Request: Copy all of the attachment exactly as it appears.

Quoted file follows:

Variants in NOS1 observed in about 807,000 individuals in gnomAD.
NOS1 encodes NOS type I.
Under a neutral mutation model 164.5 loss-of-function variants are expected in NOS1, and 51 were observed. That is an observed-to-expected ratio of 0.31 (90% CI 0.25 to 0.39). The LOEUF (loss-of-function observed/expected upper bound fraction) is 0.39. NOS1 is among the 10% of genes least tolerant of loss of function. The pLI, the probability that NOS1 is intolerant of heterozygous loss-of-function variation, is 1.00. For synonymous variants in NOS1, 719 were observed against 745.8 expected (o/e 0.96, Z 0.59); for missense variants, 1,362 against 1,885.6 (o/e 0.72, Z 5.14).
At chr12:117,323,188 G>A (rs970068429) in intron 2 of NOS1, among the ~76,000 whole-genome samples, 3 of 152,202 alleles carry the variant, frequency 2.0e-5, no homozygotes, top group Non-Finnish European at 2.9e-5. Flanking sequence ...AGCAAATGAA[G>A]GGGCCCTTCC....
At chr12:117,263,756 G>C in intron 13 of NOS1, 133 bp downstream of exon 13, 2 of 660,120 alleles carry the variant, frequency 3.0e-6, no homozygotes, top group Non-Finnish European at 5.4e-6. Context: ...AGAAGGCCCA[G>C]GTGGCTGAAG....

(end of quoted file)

Variants in NOS1 observed in about 807,000 individuals in gnomAD.
NOS1 encodes NOS type I.
Under a neutral mutation model 164.5 loss-of-function variants are expected in NOS1, and 51 were observed. That is an observed-to-expected ratio of 0.31 (90% CI 0.25 to 0.39). The LOEUF (loss-of-function observed/expected upper bound fraction) is 0.39. NOS1 is among the 10% of genes least tolerant of loss of function. The pLI, the probability that NOS1 is intolerant of heterozygous loss-of-function variation, is 1.00. For synonymous variants in NOS1, 719 were observed against 745.8 expected (o/e 0.96, Z 0.59); for missense variants, 1,362 against 1,885.6 (o/e 0.72, Z 5.14).
At chr12:117,323,188 G>A (rs970068429) in intron 2 of NOS1, among the ~76,000 whole-genome samples, 3 of 152,202 alleles carry the variant, frequency 2.0e-5, no homozygotes, top group Non-Finnish European at 2.9e-5. Flanking sequence ...AGCAAATGAA[G>A]GGGCCCTTCC....
At chr12:117,263,756 G>C in intron 13 of NOS1, 133 bp downstream of exon 13, 2 of 660,120 alleles carry the variant, frequency 3.0e-6, no homozygotes, top group Non-Finnish European at 5.4e-6. Context: ...AGAAGGCCCA[G>C]GTGGCTGAAG....